While it might not be as exciting or sexy as some of the survival gadgets on the market today, a good pair of boots is an essential piece of survival equipment. If you ever find yourself bugging out, forget your tennies, they won’t survive. You’ll need a good pair of hiking boots or work boots to help you on your trek through the wilderness. For that matter, some scenarios might make boots a much more practical solution even while bugging in.
If you’re like me, you’re hard on boots and shoes. I can go through a pair of dress shoes in six months. But that won’t work out all that well in a survival situation. It’s doubtful that I’ll be able to replace them and just about as doubtful that I’ll be able to find a cobbler who can work on them.
Good boots are an investment. Properly cared for, they will last. But if you don’t care for them, then you can count on their life being considerably shorter. That could very well leave you in a position where you don’t have any footwear; not something you want to contemplate in a survival situation. Going without good footwear in such a situation could see your feet cut to ribbons.
Of course, a lot depends on the quality of boots you buy. Like many other things, you tend to get what you pay for with boots. Good ones are better made, with higher quality materials and greater comfort. But the quality of the boots themselves doesn’t matter as much as how well you take care of them. Proper care can add years to the life of a pair of boots.
Related: 25 Tips for Post Apocalyptic Needs
Break Them In
Proper break in may not add years to the life of your boots, but they will add years to the life of your feet. Actually, it will help your boots to last too, as painful feet cause people to walk improperly, causing unnecessary wear on soles and heels. Keep in mind that new boots are typically uncomfortable if worn for a long time, even if they felt like the most comfortable thing you ever wore, back when you were trying them on.
Breaking in should be done in small stages. Don’t try to wear your boots for a whole day, until you’ve gotten them well broken in. Until then, only wear them for a couple of hours at a time. That will give your feet a chance to recover, so that you don’t end up limping or walking improperly.
Some boots are made with harder, stiffer leathers. If there is a part of the boot which your foot needs to be flexible, but it is not, it can help to work that area by hand, bending it over and over to remove the stiffness from the leather. Do this as you are oiling the boots, and it will do a world of good for your feet.
Boots need to be waterproofed; they don’t come that way from the factory. Even if your boots say that they are waterproofed, don’t believe it. The sprays they use at the factory aren’t very good and will wear off quickly.
Waterproofing is either done with wax or oil, depending on the way the leather was tanned. If your boots are made of oil-tanned leather, then you’ll need to use an oil to waterproof them. If they are chrome-tanned, you’ll need to use silicone spray or shoe wax to waterproof them. One of the best products around for waterproofing boots is mink oil. This paste product works for both oil and chrome tanned leathers, as it is a combination of oils, lanolin and silicone.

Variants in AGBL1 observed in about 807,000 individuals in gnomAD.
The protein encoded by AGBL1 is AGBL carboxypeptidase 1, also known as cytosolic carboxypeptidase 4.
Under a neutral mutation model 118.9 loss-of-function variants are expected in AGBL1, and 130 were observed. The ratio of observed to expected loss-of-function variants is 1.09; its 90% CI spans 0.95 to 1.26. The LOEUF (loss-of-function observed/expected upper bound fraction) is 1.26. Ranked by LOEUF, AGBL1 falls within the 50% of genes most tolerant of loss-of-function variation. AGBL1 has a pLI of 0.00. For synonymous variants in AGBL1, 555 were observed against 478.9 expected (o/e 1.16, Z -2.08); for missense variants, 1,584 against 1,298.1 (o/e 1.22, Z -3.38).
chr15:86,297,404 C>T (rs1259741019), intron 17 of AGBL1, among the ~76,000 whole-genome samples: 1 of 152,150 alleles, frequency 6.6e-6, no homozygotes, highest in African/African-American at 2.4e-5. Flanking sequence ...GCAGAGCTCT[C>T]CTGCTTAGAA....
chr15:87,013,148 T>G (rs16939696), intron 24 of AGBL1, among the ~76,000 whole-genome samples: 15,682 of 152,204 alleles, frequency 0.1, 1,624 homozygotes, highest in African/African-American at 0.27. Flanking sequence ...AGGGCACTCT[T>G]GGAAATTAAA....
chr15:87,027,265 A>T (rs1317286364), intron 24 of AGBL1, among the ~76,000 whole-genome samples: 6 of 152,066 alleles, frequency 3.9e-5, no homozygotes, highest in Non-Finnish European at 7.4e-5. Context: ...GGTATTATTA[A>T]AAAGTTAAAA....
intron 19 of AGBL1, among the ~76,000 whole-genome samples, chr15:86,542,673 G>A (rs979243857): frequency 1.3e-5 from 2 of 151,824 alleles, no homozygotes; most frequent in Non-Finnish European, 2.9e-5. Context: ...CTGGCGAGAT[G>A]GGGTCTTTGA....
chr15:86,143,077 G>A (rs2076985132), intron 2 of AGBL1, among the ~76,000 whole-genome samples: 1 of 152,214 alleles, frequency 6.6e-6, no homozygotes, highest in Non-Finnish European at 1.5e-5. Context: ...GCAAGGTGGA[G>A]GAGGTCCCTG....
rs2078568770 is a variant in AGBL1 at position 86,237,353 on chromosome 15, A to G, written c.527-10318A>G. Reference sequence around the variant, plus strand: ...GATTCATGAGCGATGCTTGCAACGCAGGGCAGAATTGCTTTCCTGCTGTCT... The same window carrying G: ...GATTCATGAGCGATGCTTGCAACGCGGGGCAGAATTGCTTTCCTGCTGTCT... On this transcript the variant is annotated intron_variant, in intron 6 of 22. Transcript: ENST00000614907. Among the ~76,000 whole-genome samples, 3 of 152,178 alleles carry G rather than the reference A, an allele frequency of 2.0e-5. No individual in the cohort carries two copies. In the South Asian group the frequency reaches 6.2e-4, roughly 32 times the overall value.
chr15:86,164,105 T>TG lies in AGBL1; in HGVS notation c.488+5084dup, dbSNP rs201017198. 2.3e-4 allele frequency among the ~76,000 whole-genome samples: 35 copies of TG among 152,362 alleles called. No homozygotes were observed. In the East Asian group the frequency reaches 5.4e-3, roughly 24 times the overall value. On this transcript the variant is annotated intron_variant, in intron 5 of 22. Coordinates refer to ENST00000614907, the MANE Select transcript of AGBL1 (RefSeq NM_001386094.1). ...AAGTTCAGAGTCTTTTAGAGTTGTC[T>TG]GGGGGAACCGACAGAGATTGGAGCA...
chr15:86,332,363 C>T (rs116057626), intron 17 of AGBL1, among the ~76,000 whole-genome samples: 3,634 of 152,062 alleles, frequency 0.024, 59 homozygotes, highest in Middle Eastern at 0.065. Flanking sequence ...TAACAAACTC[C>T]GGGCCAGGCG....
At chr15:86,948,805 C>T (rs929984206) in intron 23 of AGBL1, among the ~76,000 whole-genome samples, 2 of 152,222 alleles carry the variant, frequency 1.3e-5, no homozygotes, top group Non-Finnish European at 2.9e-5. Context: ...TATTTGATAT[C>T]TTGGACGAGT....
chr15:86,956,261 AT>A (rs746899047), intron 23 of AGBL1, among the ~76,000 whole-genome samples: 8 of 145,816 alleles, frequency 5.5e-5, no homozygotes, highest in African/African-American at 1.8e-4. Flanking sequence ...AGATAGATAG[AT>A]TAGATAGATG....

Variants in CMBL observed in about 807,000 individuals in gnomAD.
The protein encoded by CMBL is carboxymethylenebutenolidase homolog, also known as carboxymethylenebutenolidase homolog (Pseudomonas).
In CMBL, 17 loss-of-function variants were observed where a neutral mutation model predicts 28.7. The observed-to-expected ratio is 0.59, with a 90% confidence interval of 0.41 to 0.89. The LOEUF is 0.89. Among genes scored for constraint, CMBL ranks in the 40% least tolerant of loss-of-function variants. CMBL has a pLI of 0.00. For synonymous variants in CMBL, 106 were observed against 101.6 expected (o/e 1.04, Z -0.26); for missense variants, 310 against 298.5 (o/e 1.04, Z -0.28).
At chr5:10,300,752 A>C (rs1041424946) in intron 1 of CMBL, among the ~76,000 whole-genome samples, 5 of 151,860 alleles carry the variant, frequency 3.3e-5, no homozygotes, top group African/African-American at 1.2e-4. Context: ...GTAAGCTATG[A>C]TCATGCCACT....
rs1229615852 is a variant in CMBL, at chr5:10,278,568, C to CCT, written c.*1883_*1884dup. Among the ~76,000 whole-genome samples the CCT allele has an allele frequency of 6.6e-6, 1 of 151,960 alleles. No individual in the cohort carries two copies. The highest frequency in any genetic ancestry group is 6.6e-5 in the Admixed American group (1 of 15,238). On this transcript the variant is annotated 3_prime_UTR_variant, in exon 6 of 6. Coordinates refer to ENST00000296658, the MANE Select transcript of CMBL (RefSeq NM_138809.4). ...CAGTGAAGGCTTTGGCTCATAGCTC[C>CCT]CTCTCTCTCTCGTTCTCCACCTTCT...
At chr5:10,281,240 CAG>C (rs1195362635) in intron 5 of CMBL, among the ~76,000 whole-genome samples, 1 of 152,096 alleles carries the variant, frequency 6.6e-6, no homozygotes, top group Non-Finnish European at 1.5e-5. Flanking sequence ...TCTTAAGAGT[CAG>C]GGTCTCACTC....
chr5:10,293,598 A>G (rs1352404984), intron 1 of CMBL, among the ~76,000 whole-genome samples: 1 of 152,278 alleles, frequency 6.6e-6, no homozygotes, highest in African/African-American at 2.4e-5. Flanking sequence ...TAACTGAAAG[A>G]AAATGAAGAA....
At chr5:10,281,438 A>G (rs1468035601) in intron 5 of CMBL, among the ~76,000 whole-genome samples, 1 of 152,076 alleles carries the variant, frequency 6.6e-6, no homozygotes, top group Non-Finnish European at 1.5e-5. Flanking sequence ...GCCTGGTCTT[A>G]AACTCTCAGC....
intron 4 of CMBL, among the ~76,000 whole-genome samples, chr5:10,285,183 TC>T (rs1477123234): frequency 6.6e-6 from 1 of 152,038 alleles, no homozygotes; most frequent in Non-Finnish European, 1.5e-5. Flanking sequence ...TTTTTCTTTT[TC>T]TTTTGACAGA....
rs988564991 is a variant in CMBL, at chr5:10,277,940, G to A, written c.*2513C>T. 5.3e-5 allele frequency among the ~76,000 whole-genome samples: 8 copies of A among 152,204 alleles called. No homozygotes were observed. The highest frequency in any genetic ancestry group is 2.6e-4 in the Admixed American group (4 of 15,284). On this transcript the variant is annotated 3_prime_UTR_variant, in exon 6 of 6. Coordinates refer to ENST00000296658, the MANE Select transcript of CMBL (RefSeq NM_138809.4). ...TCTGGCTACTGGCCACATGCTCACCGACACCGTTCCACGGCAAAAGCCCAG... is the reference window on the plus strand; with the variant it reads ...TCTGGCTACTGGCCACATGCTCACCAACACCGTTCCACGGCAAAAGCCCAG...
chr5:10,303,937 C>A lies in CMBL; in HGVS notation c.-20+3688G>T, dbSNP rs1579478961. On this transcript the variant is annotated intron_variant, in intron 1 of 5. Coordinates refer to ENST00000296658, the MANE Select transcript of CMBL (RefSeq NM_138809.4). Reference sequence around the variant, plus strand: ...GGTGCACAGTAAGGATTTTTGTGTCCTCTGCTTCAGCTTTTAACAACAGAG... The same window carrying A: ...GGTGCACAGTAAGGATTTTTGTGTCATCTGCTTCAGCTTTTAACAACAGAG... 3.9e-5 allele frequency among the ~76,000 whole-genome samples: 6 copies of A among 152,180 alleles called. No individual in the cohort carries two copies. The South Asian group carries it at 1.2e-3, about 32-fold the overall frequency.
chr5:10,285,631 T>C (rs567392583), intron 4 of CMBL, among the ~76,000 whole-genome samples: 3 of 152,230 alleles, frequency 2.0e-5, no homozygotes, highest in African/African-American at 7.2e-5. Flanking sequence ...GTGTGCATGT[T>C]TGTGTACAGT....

Be extra careful to waterproof the boots where the tops meet the soles. This just happens to be one of the easiest access points for water to get into the boots. Yet, it is often overlooked, allowing water to get in.
No waterproofing product will last forever. You will need to reapply waterproofing every six months or so, as long as you are using the boots. If your boots are exposed to a lot of water, you may even need to do it more often.
Condition the Leather
Full-grained leather boots need to have the leather conditioned from time to time. This is essentially a moisturizer which you work into the leather, preventing it from drying out. Just like skin, leather that dries out tends to crack and get flaky. If you are regularly waterproofing your boots with oil, it will take care of this need. But if you don’t waterproof them for some reason, you should use a quality conditioner, working it into the leather well.
Keep Your Boots Dry
The biggest enemy of leather is water. Walking through a stream or even in wet snow can cause the leather to get wet, especially if you aren’t waterproofing them regularly. This drives out the natural oils, allowing the leather to crack.
The other way that boots get wet is from perspiration. If you’re the kind of person whose feet sweat a lot, you might want to consider buying your boots a little large and wearing two pairs of socks. That gives more to absorb the sweat, reducing the amount of your sweat that makes it to the leather. There are also some types of shoe inserts which help with this. But just like two pairs of socks, you need to take the space they use into account when you buy the shoes.